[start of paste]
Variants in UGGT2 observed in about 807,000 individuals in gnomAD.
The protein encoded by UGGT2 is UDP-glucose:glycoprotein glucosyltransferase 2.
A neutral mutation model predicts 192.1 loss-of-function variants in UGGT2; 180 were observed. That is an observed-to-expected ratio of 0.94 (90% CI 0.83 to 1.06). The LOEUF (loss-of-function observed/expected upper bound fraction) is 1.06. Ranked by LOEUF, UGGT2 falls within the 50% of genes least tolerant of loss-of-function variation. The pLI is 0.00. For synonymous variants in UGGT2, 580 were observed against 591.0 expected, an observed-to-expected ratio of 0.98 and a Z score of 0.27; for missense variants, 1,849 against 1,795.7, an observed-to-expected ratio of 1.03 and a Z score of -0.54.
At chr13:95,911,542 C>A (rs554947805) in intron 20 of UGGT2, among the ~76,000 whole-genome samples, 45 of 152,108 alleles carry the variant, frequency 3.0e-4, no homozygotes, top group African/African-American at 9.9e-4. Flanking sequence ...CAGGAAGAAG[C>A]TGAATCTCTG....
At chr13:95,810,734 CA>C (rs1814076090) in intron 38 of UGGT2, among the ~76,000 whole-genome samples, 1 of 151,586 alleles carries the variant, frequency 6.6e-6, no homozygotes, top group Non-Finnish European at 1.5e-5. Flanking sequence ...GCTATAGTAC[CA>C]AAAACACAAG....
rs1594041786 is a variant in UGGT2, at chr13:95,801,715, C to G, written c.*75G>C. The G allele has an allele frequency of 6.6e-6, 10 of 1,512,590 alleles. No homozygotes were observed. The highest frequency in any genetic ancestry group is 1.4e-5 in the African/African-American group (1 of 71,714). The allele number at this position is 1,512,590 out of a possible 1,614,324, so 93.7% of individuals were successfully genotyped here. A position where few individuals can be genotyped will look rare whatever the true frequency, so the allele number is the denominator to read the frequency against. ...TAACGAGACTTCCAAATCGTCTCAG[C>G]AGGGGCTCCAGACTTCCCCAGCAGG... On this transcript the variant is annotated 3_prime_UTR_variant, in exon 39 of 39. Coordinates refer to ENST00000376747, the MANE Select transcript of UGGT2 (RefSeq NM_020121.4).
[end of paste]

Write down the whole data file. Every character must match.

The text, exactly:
Variants in UGGT2 observed in about 807,000 individuals in gnomAD.
The protein encoded by UGGT2 is UDP-glucose:glycoprotein glucosyltransferase 2.
A neutral mutation model predicts 192.1 loss-of-function variants in UGGT2; 180 were observed. That is an observed-to-expected ratio of 0.94 (90% CI 0.83 to 1.06). The LOEUF (loss-of-function observed/expected upper bound fraction) is 1.06. Ranked by LOEUF, UGGT2 falls within the 50% of genes least tolerant of loss-of-function variation. The pLI is 0.00. For synonymous variants in UGGT2, 580 were observed against 591.0 expected, an observed-to-expected ratio of 0.98 and a Z score of 0.27; for missense variants, 1,849 against 1,795.7, an observed-to-expected ratio of 1.03 and a Z score of -0.54.
At chr13:95,911,542 C>A (rs554947805) in intron 20 of UGGT2, among the ~76,000 whole-genome samples, 45 of 152,108 alleles carry the variant, frequency 3.0e-4, no homozygotes, top group African/African-American at 9.9e-4. Flanking sequence ...CAGGAAGAAG[C>A]TGAATCTCTG....
At chr13:95,810,734 CA>C (rs1814076090) in intron 38 of UGGT2, among the ~76,000 whole-genome samples, 1 of 151,586 alleles carries the variant, frequency 6.6e-6, no homozygotes, top group Non-Finnish European at 1.5e-5. Flanking sequence ...GCTATAGTAC[CA>C]AAAACACAAG....
rs1594041786 is a variant in UGGT2, at chr13:95,801,715, C to G, written c.*75G>C. The G allele has an allele frequency of 6.6e-6, 10 of 1,512,590 alleles. No homozygotes were observed. The highest frequency in any genetic ancestry group is 1.4e-5 in the African/African-American group (1 of 71,714). The allele number at this position is 1,512,590 out of a possible 1,614,324, so 93.7% of individuals were successfully genotyped here. A position where few individuals can be genotyped will look rare whatever the true frequency, so the allele number is the denominator to read the frequency against. ...TAACGAGACTTCCAAATCGTCTCAG[C>G]AGGGGCTCCAGACTTCCCCAGCAGG... On this transcript the variant is annotated 3_prime_UTR_variant, in exon 39 of 39. Coordinates refer to ENST00000376747, the MANE Select transcript of UGGT2 (RefSeq NM_020121.4).